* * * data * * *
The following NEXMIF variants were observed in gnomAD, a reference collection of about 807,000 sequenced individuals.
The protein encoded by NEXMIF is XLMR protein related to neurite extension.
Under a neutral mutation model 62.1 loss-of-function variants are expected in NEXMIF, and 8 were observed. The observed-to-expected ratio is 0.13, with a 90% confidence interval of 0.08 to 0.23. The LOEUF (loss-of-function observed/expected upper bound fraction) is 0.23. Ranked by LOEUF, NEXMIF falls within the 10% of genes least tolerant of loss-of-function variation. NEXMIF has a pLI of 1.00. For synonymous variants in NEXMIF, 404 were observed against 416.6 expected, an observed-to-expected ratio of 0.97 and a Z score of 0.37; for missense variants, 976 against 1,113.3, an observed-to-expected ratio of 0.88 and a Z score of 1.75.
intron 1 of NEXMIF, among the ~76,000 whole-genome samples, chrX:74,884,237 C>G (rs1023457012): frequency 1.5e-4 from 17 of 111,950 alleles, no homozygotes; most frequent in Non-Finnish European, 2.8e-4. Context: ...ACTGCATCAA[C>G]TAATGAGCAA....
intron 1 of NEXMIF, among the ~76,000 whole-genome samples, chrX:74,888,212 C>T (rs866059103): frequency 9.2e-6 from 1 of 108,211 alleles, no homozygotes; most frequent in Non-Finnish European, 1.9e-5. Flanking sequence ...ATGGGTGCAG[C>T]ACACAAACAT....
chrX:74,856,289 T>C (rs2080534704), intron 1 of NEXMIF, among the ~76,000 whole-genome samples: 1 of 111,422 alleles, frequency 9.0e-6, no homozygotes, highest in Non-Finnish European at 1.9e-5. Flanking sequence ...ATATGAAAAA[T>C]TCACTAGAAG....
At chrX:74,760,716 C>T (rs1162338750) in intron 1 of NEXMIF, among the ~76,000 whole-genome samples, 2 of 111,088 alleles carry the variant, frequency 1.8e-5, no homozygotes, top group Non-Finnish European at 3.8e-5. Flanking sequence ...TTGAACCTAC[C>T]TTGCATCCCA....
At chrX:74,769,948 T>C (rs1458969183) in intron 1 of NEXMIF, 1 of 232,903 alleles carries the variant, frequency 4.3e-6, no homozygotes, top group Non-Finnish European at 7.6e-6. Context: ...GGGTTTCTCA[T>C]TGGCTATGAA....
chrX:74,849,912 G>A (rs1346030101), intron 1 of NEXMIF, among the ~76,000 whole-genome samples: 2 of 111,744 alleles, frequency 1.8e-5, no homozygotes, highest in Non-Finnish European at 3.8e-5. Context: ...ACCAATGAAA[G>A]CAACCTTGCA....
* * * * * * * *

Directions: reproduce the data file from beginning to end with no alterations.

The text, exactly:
The following NEXMIF variants were observed in gnomAD, a reference collection of about 807,000 sequenced individuals.
The protein encoded by NEXMIF is XLMR protein related to neurite extension.
Under a neutral mutation model 62.1 loss-of-function variants are expected in NEXMIF, and 8 were observed. The observed-to-expected ratio is 0.13, with a 90% confidence interval of 0.08 to 0.23. The LOEUF (loss-of-function observed/expected upper bound fraction) is 0.23. Ranked by LOEUF, NEXMIF falls within the 10% of genes least tolerant of loss-of-function variation. NEXMIF has a pLI of 1.00. For synonymous variants in NEXMIF, 404 were observed against 416.6 expected, an observed-to-expected ratio of 0.97 and a Z score of 0.37; for missense variants, 976 against 1,113.3, an observed-to-expected ratio of 0.88 and a Z score of 1.75.
intron 1 of NEXMIF, among the ~76,000 whole-genome samples, chrX:74,884,237 C>G (rs1023457012): frequency 1.5e-4 from 17 of 111,950 alleles, no homozygotes; most frequent in Non-Finnish European, 2.8e-4. Context: ...ACTGCATCAA[C>G]TAATGAGCAA....
intron 1 of NEXMIF, among the ~76,000 whole-genome samples, chrX:74,888,212 C>T (rs866059103): frequency 9.2e-6 from 1 of 108,211 alleles, no homozygotes; most frequent in Non-Finnish European, 1.9e-5. Flanking sequence ...ATGGGTGCAG[C>T]ACACAAACAT....
chrX:74,856,289 T>C (rs2080534704), intron 1 of NEXMIF, among the ~76,000 whole-genome samples: 1 of 111,422 alleles, frequency 9.0e-6, no homozygotes, highest in Non-Finnish European at 1.9e-5. Flanking sequence ...ATATGAAAAA[T>C]TCACTAGAAG....
At chrX:74,760,716 C>T (rs1162338750) in intron 1 of NEXMIF, among the ~76,000 whole-genome samples, 2 of 111,088 alleles carry the variant, frequency 1.8e-5, no homozygotes, top group Non-Finnish European at 3.8e-5. Flanking sequence ...TTGAACCTAC[C>T]TTGCATCCCA....
At chrX:74,769,948 T>C (rs1458969183) in intron 1 of NEXMIF, 1 of 232,903 alleles carries the variant, frequency 4.3e-6, no homozygotes, top group Non-Finnish European at 7.6e-6. Context: ...GGGTTTCTCA[T>C]TGGCTATGAA....
chrX:74,849,912 G>A (rs1346030101), intron 1 of NEXMIF, among the ~76,000 whole-genome samples: 2 of 111,744 alleles, frequency 1.8e-5, no homozygotes, highest in Non-Finnish European at 3.8e-5. Context: ...ACCAATGAAA[G>A]CAACCTTGCA....